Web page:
Conversations For Transformation: Essays Inspired By The Ideas Of Werner Erhard

Conversations For Transformation

Essays By Laurence Platt

Inspired By The Ideas Of Werner Erhard

And More


Conversation Is The Cure

Cowboy Cottage, East Napa, California, USA

December 22, 2020

"Talk isn't cheap: you cheapen talk." ... 
"It doesn't always have to be like this ... all we need to do is make sure we keep talking." ... Stephen Hawking
I am indebted to Bruce Munton who inspired this conversation.

Consider this: in the ordinary world (read: in our unexamined, untransformed world), all that there is, has been distinguished by evolution or by a Supreme Being or by some other originating force - whichever is your persuasion. But in the world of transformation, all of this is distinguished by (and as) our speaking. Your life is distinguished by speaking. My life is distinguished by speaking. Life itself  is distinguished by speaking. Indeed, transformation itself is distinguished by speaking. Look: transformation is a linguistic act. We distinguish "speaking transformation" as different than "speaking about  transformation" (there may or may not be an overlap).

If transformation itself is distinguished by speaking, then the access to transformation, is through speaking. And if the access to transformation is through speaking, then the implement for transforming anything that's untransformed (and I do mean anything)  is speaking. In other words, the milieu  in which we transform anything that's untransformed, is conversation  - rather than the already-always drama of that which is untransformed (yes there is a very  subtle difference between the two).

To fully get this (ie to fully grok  it - as Robert Heinlein may have said), I have to differentiate between transforming something ... and changing it. Prior to the onset of transformation, a thing is what it is. And post-transformation, the thing is still what it is. It stays the same thing as it always was. It hasn't changed from the way it was. Transformation doesn't change anything. What it shifts instead big time, is the context  in which we hold the thing ie in which the thing shows up (if you prefer).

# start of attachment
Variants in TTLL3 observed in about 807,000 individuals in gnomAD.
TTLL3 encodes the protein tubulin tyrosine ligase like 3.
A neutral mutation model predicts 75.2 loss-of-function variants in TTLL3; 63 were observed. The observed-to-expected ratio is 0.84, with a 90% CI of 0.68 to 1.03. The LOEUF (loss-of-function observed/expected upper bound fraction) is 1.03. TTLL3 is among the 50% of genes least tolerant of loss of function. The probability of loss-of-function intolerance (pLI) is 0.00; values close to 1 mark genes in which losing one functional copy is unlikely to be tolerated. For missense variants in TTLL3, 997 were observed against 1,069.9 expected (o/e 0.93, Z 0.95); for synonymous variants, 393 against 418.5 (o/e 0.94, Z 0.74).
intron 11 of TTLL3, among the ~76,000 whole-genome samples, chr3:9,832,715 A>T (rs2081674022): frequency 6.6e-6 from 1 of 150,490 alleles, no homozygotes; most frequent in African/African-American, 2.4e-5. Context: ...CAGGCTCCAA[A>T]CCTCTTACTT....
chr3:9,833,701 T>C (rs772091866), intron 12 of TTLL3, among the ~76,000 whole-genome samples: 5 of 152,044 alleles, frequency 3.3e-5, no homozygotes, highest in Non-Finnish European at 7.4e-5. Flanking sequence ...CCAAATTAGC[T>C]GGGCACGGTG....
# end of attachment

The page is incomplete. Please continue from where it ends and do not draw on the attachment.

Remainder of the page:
Intuitively, we already know the world and its conditions don't have to always be like this. Intuitively, we already know of the possibility of transformation. But the way we know it, is pretty much the same way as "caterpillar" already knows the possibility of "butterfly": even though it's already built in, it's not fully mastered. And in the absence of mastery of transforming the way things are, we go for the next best thing: we try to change  the way things are. We've blurred the line between change and transformation - but they occur in different realms. Added to that, the world doesn't fully let in the possibility of authentic transformation at all (fully allowing for the possibility of real, authentic, thrilling  transformation, calls for a certain courage, a certain bigness, and for navigating a daunting course away from playing small).

Actually it's worse than that: it's "plus ça change, plus c'est la même chose"  - the more things change, the more they stay the same. That means changes we effect on the world and its conditions, are likely to have the exact opposite results, and keep in place the very conditions we want to change, prolonging their lives, ensuring they'll persist. Transformation, on the other hand, heralds the possibility of something completely new  coming forth, something which mere change has no access to.

"But it" (ie whatever it  is: politics, racism, wealth inequality, you name it) "has  to change" you tell me, "it must, it's wrong.". So here's the thing: standing flat-footed in our own experience, and observing without prejudice, reveals we can't transform anything we make wrong!  Who knows why it works that way? ... but that's the way it works: that which we make wrong, we can't transform. We may change it, yes. But the more we change it, the more it stays the same. We're trapped ... or so it would seem. And the trap is wired in place by our seeming reluctance to differentiate between transformation and change, and to be willing to speak transformation.

This is the malaise of our world and of us, its denizens: we don't know who we are (I mean we don't know who we are really)  and therefore we have no facility with our own miraculous power to shift the quality of our lives, of living in the world, and of Life itself, through speaking. That's the malaise. Conversation is the cure.

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© Laurence Platt - 2020 Permission